Turning to the question of whether probable cause existed for the arrest, we note that probable cause exists when the facts and circumstances within the arresting officer's knowledge are sufficient to warrant a man of reasonable caution in believing that an offense has been committed and that the person arrested has committed the offense. People v. Creach (1980), 79 Ill. 2d 96, 402 N.E.2d 228.
Here, two witnesses told Deputy Jarrette that the defendant had committed a hit and run offense. The condition of the defendant and his car corroborated their reports. Further, the defendant smelled strongly of alcohol, had trouble standing and was generally uncooperative. We find that a man of reasonable caution would have been warranted in believing that the defendant had committed the offenses of leaving the scene of an accident and driving under the influence of alcohol. Accordingly, Deputy Jarrette had probable cause to arrest the defendant.
The defendant further argues on appeal that his mental condition rendered him incapable of withdrawing his consent for a blood test.
Section 11 -- 501.1 of the Illinois Vehicle Code provides in pertinent part:
"(a) Any person who drives or is in actual physical control of a motor vehicle upon the public highways of this State shall be deemed to have given consent, subject to the provisions of Section 11 -- 501.2, to a chemical test or tests of blood, breath, or urine for the purpose of determining the alcohol, other drug, or combination thereof content of such person's blood if arrested, as evidenced by the issuance of a Uniform Traffic Ticket, for any offense as defined in Section 11 -- 501 or a similar provision of a local ordinance. The test or tests shall be administered at the direction of the arresting officer. The law enforcement agency employing said officer shall designate which of the aforesaid tests shall be administered.
(b) Any person who is dead, unconscious or who is otherwise in a condition rendering such person incapable of refusal, shall be deemed not to have withdrawn the consent provided by paragraph (a) of this Section and the test or tests may be administered, subject to the provisions of Section 11 -- 501.2.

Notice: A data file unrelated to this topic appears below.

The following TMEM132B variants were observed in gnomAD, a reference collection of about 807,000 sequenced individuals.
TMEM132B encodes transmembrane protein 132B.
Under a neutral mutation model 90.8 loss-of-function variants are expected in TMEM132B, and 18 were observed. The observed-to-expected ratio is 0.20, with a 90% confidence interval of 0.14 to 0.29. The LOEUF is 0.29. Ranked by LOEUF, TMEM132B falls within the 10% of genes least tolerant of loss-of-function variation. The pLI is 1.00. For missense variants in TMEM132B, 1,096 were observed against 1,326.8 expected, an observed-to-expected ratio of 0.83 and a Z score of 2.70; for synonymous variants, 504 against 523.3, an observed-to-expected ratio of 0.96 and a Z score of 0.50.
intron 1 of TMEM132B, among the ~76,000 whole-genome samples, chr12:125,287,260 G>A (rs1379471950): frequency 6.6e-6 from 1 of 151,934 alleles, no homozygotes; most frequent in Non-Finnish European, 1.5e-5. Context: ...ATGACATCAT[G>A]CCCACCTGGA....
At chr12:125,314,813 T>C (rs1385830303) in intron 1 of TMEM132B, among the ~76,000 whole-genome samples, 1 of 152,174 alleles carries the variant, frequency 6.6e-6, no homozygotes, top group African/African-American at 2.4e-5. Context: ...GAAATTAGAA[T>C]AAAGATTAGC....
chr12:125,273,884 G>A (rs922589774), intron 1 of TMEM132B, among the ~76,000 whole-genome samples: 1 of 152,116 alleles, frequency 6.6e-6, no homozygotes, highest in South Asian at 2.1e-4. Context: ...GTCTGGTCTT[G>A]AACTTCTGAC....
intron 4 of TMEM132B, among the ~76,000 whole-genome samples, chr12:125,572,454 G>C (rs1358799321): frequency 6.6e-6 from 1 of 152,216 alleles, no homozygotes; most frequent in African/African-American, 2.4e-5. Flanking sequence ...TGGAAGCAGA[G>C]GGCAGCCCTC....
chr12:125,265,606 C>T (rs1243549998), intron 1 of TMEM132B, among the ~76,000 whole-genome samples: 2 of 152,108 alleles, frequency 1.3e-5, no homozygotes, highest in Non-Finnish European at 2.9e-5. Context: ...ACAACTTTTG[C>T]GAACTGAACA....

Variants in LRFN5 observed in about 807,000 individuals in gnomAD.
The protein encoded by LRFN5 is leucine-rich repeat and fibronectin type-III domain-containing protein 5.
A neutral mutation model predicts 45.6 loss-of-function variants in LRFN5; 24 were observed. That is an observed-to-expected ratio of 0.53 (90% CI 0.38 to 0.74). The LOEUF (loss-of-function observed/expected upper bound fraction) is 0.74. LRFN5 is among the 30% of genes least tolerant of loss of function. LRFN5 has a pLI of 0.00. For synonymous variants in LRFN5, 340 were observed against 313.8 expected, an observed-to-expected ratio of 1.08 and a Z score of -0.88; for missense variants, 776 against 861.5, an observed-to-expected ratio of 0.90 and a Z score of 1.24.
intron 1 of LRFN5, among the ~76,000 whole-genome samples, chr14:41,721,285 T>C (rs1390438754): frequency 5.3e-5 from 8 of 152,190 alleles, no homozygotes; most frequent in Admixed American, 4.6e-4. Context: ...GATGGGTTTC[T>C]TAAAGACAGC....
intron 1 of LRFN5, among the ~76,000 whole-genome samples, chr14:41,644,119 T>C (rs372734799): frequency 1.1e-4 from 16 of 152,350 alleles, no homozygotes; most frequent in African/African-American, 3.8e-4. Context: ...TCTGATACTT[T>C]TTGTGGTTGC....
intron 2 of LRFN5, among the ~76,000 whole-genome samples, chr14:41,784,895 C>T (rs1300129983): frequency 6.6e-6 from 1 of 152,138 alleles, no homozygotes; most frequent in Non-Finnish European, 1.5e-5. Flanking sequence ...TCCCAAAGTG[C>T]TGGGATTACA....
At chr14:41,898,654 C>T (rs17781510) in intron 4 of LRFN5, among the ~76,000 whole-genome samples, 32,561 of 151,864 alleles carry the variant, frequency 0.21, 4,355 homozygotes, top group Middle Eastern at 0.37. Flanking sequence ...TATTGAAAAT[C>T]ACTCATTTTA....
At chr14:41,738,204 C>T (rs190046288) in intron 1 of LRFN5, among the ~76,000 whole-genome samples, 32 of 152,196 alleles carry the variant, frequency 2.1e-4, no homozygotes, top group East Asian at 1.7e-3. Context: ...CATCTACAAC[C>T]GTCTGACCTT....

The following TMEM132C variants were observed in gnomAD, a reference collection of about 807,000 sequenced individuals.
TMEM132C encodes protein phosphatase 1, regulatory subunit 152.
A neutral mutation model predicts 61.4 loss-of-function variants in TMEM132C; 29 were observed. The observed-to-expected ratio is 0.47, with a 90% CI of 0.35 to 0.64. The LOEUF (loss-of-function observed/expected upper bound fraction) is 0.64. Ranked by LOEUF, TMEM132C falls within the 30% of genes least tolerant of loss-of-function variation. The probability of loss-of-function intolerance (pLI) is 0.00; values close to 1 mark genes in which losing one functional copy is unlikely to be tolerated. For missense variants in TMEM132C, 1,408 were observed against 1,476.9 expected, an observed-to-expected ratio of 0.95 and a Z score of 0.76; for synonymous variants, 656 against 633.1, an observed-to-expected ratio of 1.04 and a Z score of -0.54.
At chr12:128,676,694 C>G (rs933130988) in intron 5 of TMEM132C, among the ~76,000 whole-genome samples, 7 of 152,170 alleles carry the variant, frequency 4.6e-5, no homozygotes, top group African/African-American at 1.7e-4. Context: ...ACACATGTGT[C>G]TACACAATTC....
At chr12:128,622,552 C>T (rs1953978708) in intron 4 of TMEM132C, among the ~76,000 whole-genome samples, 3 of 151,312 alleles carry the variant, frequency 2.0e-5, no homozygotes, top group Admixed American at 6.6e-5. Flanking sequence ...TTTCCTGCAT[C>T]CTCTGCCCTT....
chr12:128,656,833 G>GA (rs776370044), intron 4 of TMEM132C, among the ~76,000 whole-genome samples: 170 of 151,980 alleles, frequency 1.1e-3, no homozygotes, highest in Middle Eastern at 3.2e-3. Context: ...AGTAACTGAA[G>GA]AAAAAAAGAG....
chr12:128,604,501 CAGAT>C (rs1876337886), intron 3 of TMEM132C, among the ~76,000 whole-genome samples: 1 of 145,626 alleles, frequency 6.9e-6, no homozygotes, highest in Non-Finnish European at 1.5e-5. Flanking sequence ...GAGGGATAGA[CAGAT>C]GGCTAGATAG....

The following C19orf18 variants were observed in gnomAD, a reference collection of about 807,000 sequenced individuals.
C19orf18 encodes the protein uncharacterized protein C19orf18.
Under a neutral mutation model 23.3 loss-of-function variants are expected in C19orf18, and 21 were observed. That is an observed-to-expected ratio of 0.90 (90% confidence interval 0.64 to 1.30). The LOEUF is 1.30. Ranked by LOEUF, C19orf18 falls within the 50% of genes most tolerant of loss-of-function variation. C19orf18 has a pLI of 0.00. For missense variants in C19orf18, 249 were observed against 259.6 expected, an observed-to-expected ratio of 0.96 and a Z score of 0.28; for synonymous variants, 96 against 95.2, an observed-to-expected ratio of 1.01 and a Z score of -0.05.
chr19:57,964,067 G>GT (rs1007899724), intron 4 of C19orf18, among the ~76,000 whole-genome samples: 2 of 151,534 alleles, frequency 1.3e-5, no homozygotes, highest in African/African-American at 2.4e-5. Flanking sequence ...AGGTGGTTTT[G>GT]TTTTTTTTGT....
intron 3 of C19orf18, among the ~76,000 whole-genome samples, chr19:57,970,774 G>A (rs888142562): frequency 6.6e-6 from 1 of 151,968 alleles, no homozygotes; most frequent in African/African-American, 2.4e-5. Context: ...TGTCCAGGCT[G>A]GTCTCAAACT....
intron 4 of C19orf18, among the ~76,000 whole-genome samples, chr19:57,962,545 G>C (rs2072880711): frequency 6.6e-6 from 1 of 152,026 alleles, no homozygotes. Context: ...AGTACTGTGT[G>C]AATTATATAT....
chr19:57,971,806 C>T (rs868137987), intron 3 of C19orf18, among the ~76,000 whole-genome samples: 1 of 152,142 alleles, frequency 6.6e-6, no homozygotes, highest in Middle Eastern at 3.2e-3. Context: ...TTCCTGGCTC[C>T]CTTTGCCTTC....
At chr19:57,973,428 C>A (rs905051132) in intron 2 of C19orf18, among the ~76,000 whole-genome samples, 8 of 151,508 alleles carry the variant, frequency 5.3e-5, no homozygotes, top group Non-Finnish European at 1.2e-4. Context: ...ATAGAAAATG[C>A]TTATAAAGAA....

(c) A person requested to submit to a test as provided above shall be warned by the law enforcement officer requesting the test that a refusal to submit to the test will result in the statutory summary suspension of such person's privilege to operate a motor vehicle as provided in Section 6-208.1 of this Code." Ill. Rev. Stat. 1987, ch. 95 1/2, par. 11-501.1.
In Illinois, the refusal to take a chemical test for blood-alcohol content need not be knowingly made. (People v. Solzak (1984), 126 Ill. App. 3d 119, 466 N.E.2d 1201.) The courts have found an effective refusal to submit to testing, even in the absence of an express refusal, where the driver was so intoxicated at the time he was requested to take the test that he could not even comprehend the request (People v. Carlyle (1985), 130 Ill. App. 3d 205, 474 N.E.2d 9), and where the driver was so intoxicated that he later had no memory of the request (People v. Solzak (1984), 126 Ill. App. 3d 119, 466 N.E.2d 1201).
Further, in a case quite similar to the instant defendant's, the Fourth District stated:
"Although the present defendant's alleged inability to make a 'meaningful' refusal stems from his injuries rather than his apparent intoxication, the absurdity we would create by accepting his argument is not less real. For the statute to have any meaning, a police officer must be able to rely upon the objective fact of refusal without regard to a suspect's subjective intentions. Voluntary intoxication, or any other condition which might render a refusal 'unknowing,' cannot save a motorist from the consequences of refusing to be tested for intoxication." People v. Kirby (1986), 145 Ill. App. 3d 144, 147, 495 N.E.2d 656, 658.
While we agree with the basic reasoning of Kirby, we find it necessary to add a proviso to avoid any misunderstanding. As noted, section 11 -- 501.1(a) of the Vehicle Code sets forth the prerequisite for summary suspension that the defendant must have been arrested for driving under the influence. This, of course, requires that the arresting officer have probable cause to believe that the defendant was driving under the influence. Accordingly, while a casual reading of Kirby might conjure up nightmares of sober, but dazed accident victims having their driver's licenses summarily suspended because they unknowingly refused an alcohol content test, such may not happen. Objective evidence of intoxication must always underlie the State's request for an alcohol content test.
In the instant case, apart from the defendant's dazed appearance and walking problems, which could have been occasioned by his injuries, the defendant smelled strongly of alcohol. The State therefore had a proper basis for requesting an alcohol content test. Accordingly, pursuant to Kirby, we find unpersuasive the defendant's argument that his express refusal was not meaningful.
The judgment of the circuit court of Will County is affirmed.